After the Athenians went in order in the bottom of the canto, Crumley retired the first two batters he faced in the top of the third frame before loading the bases on two walks with a single sandwiched between them. The Georgia reliever struck out Wilkerson to keep the deficit at one, but the Bulldogs failed to take advantage of the chance they were afforded, failing even to produce a baserunner in their turn at the plate.
Earl Daniels took over on the hill at the outset of the fourth inning. He fanned the first batter he faced, but Shaffer reached on an error by third baseman Curt Powell and advanced to second base. Tiger designated hitter Phil Pohl was thrown out at third after a base hit and another Cole miscue while Shaffer scored an unearned run. The Jungaleers’ turn at the plate ended with a strikeout, but the visitors had scored five runs on seven hits, while their hosts had three runs, three hits, and three errors.
A one-out single followed by a walk brought the would-be go-ahead run to the plate in the home half of the fourth stanza, but consecutive strikeouts stranded a pair of baserunners. The fifth frame saw Kieboom draw a leadoff walk, take second on a groundout, take third on another groundout, and come home on a single. Georgia went three up and three down.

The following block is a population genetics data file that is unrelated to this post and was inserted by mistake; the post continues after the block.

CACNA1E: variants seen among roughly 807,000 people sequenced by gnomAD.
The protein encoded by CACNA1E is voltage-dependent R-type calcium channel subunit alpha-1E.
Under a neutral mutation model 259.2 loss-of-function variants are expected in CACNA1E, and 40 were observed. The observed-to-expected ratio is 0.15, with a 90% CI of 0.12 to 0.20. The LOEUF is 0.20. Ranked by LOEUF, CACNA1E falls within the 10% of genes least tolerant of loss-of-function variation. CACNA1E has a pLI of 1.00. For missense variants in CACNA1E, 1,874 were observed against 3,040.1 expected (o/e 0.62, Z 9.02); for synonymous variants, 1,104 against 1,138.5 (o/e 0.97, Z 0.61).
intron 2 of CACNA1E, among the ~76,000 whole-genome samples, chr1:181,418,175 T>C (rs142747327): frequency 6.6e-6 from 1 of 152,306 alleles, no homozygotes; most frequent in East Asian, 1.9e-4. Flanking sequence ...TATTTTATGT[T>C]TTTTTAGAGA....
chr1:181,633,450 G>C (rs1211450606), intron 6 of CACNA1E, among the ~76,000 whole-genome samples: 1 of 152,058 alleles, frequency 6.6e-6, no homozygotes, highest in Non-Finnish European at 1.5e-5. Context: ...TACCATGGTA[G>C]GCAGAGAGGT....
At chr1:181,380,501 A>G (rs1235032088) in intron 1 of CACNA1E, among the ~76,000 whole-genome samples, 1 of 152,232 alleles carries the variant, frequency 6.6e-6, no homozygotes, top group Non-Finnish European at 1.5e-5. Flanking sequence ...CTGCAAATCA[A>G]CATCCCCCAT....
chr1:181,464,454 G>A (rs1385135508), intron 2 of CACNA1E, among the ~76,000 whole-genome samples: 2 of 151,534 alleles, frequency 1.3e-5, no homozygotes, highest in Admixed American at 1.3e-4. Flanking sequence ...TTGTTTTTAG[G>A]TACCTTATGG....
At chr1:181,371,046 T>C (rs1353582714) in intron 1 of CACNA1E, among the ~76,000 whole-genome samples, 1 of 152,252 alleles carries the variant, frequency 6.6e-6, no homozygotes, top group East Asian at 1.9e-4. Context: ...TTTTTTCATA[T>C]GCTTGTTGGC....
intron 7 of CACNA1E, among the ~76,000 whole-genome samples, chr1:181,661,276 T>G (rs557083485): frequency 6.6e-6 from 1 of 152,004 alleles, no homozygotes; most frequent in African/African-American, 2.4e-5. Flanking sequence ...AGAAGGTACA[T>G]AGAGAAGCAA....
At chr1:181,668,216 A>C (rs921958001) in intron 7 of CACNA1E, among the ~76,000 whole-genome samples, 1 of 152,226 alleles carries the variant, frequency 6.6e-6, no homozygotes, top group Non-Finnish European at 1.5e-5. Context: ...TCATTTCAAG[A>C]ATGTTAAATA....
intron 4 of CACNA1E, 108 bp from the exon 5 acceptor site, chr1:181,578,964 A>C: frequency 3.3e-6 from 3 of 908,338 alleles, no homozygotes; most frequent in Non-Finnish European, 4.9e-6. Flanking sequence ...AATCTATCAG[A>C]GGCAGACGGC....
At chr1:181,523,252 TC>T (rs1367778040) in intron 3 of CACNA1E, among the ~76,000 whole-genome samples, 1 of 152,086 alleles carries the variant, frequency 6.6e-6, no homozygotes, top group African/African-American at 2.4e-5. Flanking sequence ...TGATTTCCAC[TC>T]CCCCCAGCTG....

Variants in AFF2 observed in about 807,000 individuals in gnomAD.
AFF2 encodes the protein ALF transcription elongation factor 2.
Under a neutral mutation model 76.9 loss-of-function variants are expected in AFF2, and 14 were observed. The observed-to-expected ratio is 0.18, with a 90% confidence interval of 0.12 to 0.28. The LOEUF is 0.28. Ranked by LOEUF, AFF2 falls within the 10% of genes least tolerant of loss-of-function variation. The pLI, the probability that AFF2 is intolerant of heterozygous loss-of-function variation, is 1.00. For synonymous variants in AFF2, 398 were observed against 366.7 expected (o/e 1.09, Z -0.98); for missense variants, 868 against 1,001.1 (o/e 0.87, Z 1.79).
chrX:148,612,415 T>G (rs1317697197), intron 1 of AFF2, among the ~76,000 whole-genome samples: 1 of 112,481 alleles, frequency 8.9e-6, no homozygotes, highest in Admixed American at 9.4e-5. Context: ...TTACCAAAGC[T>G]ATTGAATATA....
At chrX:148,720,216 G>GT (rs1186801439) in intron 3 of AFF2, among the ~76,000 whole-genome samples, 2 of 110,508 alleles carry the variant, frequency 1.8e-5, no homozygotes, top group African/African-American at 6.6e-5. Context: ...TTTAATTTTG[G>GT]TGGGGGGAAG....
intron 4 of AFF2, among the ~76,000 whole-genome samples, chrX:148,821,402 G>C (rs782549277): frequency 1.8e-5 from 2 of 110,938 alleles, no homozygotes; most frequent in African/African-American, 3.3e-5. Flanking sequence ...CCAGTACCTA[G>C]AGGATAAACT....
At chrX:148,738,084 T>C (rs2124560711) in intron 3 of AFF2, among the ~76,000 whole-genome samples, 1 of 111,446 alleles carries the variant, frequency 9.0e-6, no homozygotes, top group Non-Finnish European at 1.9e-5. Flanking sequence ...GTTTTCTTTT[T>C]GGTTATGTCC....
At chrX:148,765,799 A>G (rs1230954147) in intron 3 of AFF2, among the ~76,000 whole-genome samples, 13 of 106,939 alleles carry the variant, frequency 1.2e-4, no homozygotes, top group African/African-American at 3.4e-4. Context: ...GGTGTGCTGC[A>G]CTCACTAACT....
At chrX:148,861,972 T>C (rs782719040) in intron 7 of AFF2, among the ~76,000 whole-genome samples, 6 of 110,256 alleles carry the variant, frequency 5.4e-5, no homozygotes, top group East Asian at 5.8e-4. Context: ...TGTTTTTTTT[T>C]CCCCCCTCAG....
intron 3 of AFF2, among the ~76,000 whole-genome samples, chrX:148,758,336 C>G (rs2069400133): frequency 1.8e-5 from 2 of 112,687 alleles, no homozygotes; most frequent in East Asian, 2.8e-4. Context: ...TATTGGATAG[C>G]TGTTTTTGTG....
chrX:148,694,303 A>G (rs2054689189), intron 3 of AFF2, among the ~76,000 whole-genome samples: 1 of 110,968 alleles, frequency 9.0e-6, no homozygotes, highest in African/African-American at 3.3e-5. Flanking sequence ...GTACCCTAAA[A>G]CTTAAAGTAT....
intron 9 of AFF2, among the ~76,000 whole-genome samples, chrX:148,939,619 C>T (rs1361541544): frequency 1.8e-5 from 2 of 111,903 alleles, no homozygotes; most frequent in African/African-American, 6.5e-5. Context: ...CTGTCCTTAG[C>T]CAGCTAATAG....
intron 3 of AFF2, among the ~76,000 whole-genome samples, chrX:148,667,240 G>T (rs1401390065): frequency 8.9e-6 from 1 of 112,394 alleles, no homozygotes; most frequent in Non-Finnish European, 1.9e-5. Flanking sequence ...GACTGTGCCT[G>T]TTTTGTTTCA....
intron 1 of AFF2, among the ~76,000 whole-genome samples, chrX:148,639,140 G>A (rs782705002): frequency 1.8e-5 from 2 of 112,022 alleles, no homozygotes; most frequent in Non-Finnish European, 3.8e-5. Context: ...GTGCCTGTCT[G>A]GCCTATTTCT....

The top of the sixth stanza was Ross Ripple’s to pitch, and he conceded a pair of one-out base hits, a groundout that advanced both baserunners, and a single that scored two. The Red and Black at long last responded in the bottom of the inning, with a leadoff home run by Cole and an ensuing single by DeLoach to force a Tiger pitching change with the home team having exactly half as many hits (12-6) and runs (8-4) as their guests. The Diamond Dogs’ next two outs advanced DeLoach two bases, but pinch hitter Jared Walsh went down swinging to leave him there.
The seventh frame saw a return to form, as Chase Hawkins set down the first two batters he faced, then, on cue, the scoring began with two outs down: Stolz sent a single into right field, and Shaffer brought him home with a double. A pair of pinch hitters offered nothing but outs in the bottom of the canto.